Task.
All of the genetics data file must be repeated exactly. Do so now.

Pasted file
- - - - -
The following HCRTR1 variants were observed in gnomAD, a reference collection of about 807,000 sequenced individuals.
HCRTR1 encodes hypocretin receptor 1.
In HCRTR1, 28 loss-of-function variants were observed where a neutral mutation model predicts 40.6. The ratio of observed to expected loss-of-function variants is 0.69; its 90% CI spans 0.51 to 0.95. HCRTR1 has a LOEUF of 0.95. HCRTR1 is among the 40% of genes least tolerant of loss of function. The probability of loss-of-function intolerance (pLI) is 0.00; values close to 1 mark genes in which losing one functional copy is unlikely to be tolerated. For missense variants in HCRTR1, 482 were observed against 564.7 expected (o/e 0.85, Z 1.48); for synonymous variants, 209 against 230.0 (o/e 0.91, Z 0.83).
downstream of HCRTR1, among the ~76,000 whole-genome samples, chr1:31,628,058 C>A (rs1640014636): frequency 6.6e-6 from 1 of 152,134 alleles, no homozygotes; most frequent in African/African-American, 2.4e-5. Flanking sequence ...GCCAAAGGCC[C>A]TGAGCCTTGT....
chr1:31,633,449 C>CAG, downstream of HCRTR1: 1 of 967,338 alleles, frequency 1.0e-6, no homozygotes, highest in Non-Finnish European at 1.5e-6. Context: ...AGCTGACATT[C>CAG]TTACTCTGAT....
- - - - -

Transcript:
The following HCRTR1 variants were observed in gnomAD, a reference collection of about 807,000 sequenced individuals.
HCRTR1 encodes hypocretin receptor 1.
In HCRTR1, 28 loss-of-function variants were observed where a neutral mutation model predicts 40.6. The ratio of observed to expected loss-of-function variants is 0.69; its 90% CI spans 0.51 to 0.95. HCRTR1 has a LOEUF of 0.95. HCRTR1 is among the 40% of genes least tolerant of loss of function. The probability of loss-of-function intolerance (pLI) is 0.00; values close to 1 mark genes in which losing one functional copy is unlikely to be tolerated. For missense variants in HCRTR1, 482 were observed against 564.7 expected (o/e 0.85, Z 1.48); for synonymous variants, 209 against 230.0 (o/e 0.91, Z 0.83).
downstream of HCRTR1, among the ~76,000 whole-genome samples, chr1:31,628,058 C>A (rs1640014636): frequency 6.6e-6 from 1 of 152,134 alleles, no homozygotes; most frequent in African/African-American, 2.4e-5. Flanking sequence ...GCCAAAGGCC[C>A]TGAGCCTTGT....
chr1:31,633,449 C>CAG, downstream of HCRTR1: 1 of 967,338 alleles, frequency 1.0e-6, no homozygotes, highest in Non-Finnish European at 1.5e-6. Context: ...AGCTGACATT[C>CAG]TTACTCTGAT....